the Government and its supporting parties have still a long way to the goal of 70 percent reduction in 2030.
A historic green budget. That was the gist of it, as the finance minister, Nicolai Wammen (S) surrounded by The Radical, SF, Enhedslisten and the Alternative Tuesday night presented the budget bill for the year 2020.
Here take take the five parties, the first step towards fulfilling the ambitious goal to reduce Denmark's emissions of greenhouse gases by 70 percent in 2030.
The People's leader, Morten Østergaard, says that the parties of the first budget under the new government is approaching the reduction on the "one percent" of the Danish CO2-emissions.
- the Government estimate it to 500,000 tonnes of CO2, which will emit less. It means that we are approaching a reduction of one percent of the Danish CO2-udleding with the initiatives that are taken, says Morten Østergaard.
He believes that this is a conservative estimate from the government, because the experts in the field, according to Morten Østergaard estimate that you can get even more reduction in greenhouse gases for the money that is allocated in the budget.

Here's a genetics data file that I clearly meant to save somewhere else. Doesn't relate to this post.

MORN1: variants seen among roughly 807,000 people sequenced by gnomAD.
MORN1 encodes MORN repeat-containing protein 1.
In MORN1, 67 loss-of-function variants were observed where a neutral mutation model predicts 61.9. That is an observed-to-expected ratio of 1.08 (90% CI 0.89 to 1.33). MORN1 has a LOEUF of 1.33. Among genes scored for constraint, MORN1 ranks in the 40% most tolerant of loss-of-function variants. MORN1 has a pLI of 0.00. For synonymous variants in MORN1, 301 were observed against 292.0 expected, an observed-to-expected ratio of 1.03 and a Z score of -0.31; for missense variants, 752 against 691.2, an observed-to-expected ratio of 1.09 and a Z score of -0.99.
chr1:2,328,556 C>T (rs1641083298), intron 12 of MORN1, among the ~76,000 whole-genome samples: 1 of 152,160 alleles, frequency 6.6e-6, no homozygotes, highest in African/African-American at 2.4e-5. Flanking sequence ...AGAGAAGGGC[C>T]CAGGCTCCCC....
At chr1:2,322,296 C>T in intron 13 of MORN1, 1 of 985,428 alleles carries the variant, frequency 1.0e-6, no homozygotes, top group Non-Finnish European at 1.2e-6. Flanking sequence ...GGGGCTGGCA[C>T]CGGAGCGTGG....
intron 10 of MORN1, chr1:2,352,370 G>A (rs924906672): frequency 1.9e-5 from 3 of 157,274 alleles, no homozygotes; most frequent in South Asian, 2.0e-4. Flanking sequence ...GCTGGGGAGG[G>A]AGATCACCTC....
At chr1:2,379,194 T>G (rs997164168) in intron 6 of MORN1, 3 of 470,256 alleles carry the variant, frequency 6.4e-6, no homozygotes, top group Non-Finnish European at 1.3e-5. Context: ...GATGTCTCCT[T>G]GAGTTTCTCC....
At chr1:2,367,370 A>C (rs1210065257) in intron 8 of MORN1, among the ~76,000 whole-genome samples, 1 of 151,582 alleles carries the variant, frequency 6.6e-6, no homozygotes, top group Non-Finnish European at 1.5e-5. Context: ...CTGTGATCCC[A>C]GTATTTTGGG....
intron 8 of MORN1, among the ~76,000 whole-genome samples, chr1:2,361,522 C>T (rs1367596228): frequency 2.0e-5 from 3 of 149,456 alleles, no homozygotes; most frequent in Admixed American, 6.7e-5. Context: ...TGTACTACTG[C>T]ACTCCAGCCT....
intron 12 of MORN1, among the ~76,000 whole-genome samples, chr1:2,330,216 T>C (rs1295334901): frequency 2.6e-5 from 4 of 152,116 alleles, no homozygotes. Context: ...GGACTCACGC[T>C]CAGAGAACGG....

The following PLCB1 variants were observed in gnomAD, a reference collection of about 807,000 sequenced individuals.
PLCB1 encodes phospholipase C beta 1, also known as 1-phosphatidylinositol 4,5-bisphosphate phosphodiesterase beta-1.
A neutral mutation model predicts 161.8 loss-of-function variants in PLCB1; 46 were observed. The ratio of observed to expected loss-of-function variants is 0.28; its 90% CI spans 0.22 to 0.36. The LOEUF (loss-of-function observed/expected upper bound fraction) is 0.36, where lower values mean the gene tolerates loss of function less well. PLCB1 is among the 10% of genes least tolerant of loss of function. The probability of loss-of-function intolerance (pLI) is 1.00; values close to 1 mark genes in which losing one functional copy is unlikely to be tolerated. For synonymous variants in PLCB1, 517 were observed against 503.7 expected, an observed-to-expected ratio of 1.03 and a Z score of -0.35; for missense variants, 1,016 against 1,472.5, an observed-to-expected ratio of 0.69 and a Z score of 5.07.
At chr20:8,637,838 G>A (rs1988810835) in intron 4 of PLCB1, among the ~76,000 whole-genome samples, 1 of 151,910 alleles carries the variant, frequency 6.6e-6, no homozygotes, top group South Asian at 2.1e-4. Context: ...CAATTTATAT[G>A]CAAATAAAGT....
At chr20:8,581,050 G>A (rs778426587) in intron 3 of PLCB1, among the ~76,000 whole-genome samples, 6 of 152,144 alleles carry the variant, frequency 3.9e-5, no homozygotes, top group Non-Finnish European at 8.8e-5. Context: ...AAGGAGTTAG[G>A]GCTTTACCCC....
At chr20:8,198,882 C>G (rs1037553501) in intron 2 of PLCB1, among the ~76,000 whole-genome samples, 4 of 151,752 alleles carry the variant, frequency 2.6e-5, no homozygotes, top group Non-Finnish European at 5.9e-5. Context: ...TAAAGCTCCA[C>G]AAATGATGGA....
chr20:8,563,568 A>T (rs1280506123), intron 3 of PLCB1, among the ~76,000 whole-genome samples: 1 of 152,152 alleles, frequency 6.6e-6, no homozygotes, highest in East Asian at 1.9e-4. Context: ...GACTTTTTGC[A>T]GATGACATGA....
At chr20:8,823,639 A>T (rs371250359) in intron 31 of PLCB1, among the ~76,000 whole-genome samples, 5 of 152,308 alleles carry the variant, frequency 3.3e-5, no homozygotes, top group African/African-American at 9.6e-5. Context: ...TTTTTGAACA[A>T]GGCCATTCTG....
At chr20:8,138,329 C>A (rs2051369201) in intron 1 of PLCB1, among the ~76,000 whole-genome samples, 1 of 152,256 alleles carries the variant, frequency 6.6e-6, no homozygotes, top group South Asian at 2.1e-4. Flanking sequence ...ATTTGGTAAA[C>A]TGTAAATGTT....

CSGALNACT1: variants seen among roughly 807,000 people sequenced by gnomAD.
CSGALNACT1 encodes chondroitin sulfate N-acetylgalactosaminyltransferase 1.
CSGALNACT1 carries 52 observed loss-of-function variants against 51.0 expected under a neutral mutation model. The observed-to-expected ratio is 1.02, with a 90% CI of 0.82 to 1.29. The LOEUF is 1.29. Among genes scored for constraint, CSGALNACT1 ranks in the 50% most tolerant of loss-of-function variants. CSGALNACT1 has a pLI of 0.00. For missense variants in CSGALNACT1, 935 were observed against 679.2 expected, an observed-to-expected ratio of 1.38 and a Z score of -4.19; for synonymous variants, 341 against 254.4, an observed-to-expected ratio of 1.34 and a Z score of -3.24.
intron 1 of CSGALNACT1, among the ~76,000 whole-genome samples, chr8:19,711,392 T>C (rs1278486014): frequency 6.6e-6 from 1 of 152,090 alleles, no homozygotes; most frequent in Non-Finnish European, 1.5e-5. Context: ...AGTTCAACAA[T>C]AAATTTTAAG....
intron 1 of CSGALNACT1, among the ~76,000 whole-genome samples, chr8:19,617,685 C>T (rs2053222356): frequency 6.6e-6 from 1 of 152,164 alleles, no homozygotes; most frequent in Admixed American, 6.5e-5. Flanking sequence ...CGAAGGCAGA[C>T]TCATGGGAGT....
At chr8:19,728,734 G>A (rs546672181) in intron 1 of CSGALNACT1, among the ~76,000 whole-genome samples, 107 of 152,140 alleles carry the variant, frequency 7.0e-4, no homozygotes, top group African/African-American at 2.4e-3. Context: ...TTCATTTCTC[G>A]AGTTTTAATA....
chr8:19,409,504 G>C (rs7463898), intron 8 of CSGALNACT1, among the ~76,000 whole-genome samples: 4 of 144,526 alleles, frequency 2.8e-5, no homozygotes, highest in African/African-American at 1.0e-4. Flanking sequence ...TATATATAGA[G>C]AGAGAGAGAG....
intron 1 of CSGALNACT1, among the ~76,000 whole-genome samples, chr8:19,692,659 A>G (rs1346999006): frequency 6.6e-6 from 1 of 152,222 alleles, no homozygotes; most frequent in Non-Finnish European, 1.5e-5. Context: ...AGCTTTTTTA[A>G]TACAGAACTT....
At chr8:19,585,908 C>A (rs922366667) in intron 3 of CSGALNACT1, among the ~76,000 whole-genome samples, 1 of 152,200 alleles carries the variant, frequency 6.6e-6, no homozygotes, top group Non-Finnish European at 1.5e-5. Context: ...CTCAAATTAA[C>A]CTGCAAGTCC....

The People's leader highlights a number of specific initiatives in the budget bill, which he estimates will be of great importance for the green economy:
We take a massive step forward. Both with afforestation, with a range of green investment, with the cancellation of the imminent rise of electric cars. Instead of introducing a deduction, if you want to buy green company cars. It is a plethora of things, each of which contributes to the here is The greenest budget, says Morten Østergaard.
Finance minister Nicolai Wammen (S) refers to the budget bill as a "first step" towards meeting the goal of 70 percent reduction in greenhouse gases of 10 years:
- Just a little while, then negotiated a klimalov. And after klimaloven, then there comes a klimahandlingsplan. So here is an example, that we as government not just keep the nice talk about what we want to do for the environment and the climate, but that we actually do something about it, says Nicolai Wammen.
/ritzau/Updated Date: 03 December 2019, 03:00